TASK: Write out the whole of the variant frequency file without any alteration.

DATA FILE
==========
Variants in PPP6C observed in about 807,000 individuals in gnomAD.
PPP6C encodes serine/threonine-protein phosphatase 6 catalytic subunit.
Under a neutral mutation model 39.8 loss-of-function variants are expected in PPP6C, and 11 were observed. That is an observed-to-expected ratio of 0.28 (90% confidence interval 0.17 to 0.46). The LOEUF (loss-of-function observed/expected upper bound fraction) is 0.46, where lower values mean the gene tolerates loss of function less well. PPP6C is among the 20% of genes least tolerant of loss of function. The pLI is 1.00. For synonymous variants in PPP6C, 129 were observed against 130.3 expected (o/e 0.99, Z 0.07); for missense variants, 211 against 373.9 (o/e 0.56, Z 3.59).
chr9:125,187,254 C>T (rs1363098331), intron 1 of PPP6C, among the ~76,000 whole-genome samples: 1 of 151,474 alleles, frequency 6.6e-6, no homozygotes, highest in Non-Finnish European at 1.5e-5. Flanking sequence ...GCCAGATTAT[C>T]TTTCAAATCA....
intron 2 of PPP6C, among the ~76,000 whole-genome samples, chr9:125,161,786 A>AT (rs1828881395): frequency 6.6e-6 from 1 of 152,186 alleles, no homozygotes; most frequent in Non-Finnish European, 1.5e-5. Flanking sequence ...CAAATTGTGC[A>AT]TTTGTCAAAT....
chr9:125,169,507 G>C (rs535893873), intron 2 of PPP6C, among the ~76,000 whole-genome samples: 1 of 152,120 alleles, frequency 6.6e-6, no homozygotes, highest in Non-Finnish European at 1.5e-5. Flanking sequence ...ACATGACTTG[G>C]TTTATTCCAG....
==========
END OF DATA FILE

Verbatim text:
Variants in PPP6C observed in about 807,000 individuals in gnomAD.
PPP6C encodes serine/threonine-protein phosphatase 6 catalytic subunit.
Under a neutral mutation model 39.8 loss-of-function variants are expected in PPP6C, and 11 were observed. That is an observed-to-expected ratio of 0.28 (90% confidence interval 0.17 to 0.46). The LOEUF (loss-of-function observed/expected upper bound fraction) is 0.46, where lower values mean the gene tolerates loss of function less well. PPP6C is among the 20% of genes least tolerant of loss of function. The pLI is 1.00. For synonymous variants in PPP6C, 129 were observed against 130.3 expected (o/e 0.99, Z 0.07); for missense variants, 211 against 373.9 (o/e 0.56, Z 3.59).
chr9:125,187,254 C>T (rs1363098331), intron 1 of PPP6C, among the ~76,000 whole-genome samples: 1 of 151,474 alleles, frequency 6.6e-6, no homozygotes, highest in Non-Finnish European at 1.5e-5. Flanking sequence ...GCCAGATTAT[C>T]TTTCAAATCA....
intron 2 of PPP6C, among the ~76,000 whole-genome samples, chr9:125,161,786 A>AT (rs1828881395): frequency 6.6e-6 from 1 of 152,186 alleles, no homozygotes; most frequent in Non-Finnish European, 1.5e-5. Flanking sequence ...CAAATTGTGC[A>AT]TTTGTCAAAT....
chr9:125,169,507 G>C (rs535893873), intron 2 of PPP6C, among the ~76,000 whole-genome samples: 1 of 152,120 alleles, frequency 6.6e-6, no homozygotes, highest in Non-Finnish European at 1.5e-5. Flanking sequence ...ACATGACTTG[G>C]TTTATTCCAG....